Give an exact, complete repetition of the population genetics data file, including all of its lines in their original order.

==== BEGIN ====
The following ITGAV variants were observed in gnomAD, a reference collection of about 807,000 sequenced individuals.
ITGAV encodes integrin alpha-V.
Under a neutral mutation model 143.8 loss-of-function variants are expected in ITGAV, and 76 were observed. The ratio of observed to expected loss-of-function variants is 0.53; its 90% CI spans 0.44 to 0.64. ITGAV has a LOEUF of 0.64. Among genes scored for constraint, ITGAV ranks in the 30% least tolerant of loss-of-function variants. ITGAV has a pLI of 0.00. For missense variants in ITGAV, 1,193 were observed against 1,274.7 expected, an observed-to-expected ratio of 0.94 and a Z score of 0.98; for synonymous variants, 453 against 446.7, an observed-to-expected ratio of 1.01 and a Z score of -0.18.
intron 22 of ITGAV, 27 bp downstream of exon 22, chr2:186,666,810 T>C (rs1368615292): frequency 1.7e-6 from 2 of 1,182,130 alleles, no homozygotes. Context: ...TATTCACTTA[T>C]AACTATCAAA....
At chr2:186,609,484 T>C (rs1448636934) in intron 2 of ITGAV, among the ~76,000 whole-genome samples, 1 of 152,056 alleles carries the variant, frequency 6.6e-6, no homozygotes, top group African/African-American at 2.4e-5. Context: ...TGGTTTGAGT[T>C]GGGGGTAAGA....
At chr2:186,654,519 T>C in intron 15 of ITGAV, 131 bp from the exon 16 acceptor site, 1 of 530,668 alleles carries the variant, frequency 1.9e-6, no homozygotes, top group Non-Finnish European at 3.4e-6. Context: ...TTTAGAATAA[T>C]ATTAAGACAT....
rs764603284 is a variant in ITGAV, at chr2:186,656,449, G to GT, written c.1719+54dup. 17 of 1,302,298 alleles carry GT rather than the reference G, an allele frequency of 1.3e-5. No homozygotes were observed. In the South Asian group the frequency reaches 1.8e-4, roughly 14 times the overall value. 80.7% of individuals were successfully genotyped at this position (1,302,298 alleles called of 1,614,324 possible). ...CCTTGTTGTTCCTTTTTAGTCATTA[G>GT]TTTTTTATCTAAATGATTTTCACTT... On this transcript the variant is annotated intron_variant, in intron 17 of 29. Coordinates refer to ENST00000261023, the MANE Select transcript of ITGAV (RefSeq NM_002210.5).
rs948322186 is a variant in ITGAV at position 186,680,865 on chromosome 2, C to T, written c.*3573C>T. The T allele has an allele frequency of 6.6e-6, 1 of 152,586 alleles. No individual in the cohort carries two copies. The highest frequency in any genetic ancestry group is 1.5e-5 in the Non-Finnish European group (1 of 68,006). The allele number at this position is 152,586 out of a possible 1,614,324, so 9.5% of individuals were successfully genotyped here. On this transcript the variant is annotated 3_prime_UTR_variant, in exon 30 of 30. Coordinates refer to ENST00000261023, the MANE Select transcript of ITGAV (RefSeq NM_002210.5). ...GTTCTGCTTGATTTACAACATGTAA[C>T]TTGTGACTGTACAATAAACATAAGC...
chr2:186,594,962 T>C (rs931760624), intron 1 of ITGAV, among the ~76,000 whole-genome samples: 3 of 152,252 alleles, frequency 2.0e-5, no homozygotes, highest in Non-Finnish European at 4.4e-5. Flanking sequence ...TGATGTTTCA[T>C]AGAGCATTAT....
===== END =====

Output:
The following ITGAV variants were observed in gnomAD, a reference collection of about 807,000 sequenced individuals.
ITGAV encodes integrin alpha-V.
Under a neutral mutation model 143.8 loss-of-function variants are expected in ITGAV, and 76 were observed. The ratio of observed to expected loss-of-function variants is 0.53; its 90% CI spans 0.44 to 0.64. ITGAV has a LOEUF of 0.64. Among genes scored for constraint, ITGAV ranks in the 30% least tolerant of loss-of-function variants. ITGAV has a pLI of 0.00. For missense variants in ITGAV, 1,193 were observed against 1,274.7 expected, an observed-to-expected ratio of 0.94 and a Z score of 0.98; for synonymous variants, 453 against 446.7, an observed-to-expected ratio of 1.01 and a Z score of -0.18.
intron 22 of ITGAV, 27 bp downstream of exon 22, chr2:186,666,810 T>C (rs1368615292): frequency 1.7e-6 from 2 of 1,182,130 alleles, no homozygotes. Context: ...TATTCACTTA[T>C]AACTATCAAA....
At chr2:186,609,484 T>C (rs1448636934) in intron 2 of ITGAV, among the ~76,000 whole-genome samples, 1 of 152,056 alleles carries the variant, frequency 6.6e-6, no homozygotes, top group African/African-American at 2.4e-5. Context: ...TGGTTTGAGT[T>C]GGGGGTAAGA....
At chr2:186,654,519 T>C in intron 15 of ITGAV, 131 bp from the exon 16 acceptor site, 1 of 530,668 alleles carries the variant, frequency 1.9e-6, no homozygotes, top group Non-Finnish European at 3.4e-6. Context: ...TTTAGAATAA[T>C]ATTAAGACAT....
rs764603284 is a variant in ITGAV, at chr2:186,656,449, G to GT, written c.1719+54dup. 17 of 1,302,298 alleles carry GT rather than the reference G, an allele frequency of 1.3e-5. No homozygotes were observed. In the South Asian group the frequency reaches 1.8e-4, roughly 14 times the overall value. 80.7% of individuals were successfully genotyped at this position (1,302,298 alleles called of 1,614,324 possible). ...CCTTGTTGTTCCTTTTTAGTCATTA[G>GT]TTTTTTATCTAAATGATTTTCACTT... On this transcript the variant is annotated intron_variant, in intron 17 of 29. Coordinates refer to ENST00000261023, the MANE Select transcript of ITGAV (RefSeq NM_002210.5).
rs948322186 is a variant in ITGAV at position 186,680,865 on chromosome 2, C to T, written c.*3573C>T. The T allele has an allele frequency of 6.6e-6, 1 of 152,586 alleles. No individual in the cohort carries two copies. The highest frequency in any genetic ancestry group is 1.5e-5 in the Non-Finnish European group (1 of 68,006). The allele number at this position is 152,586 out of a possible 1,614,324, so 9.5% of individuals were successfully genotyped here. On this transcript the variant is annotated 3_prime_UTR_variant, in exon 30 of 30. Coordinates refer to ENST00000261023, the MANE Select transcript of ITGAV (RefSeq NM_002210.5). ...GTTCTGCTTGATTTACAACATGTAA[C>T]TTGTGACTGTACAATAAACATAAGC...
chr2:186,594,962 T>C (rs931760624), intron 1 of ITGAV, among the ~76,000 whole-genome samples: 3 of 152,252 alleles, frequency 2.0e-5, no homozygotes, highest in Non-Finnish European at 4.4e-5. Flanking sequence ...TGATGTTTCA[T>C]AGAGCATTAT....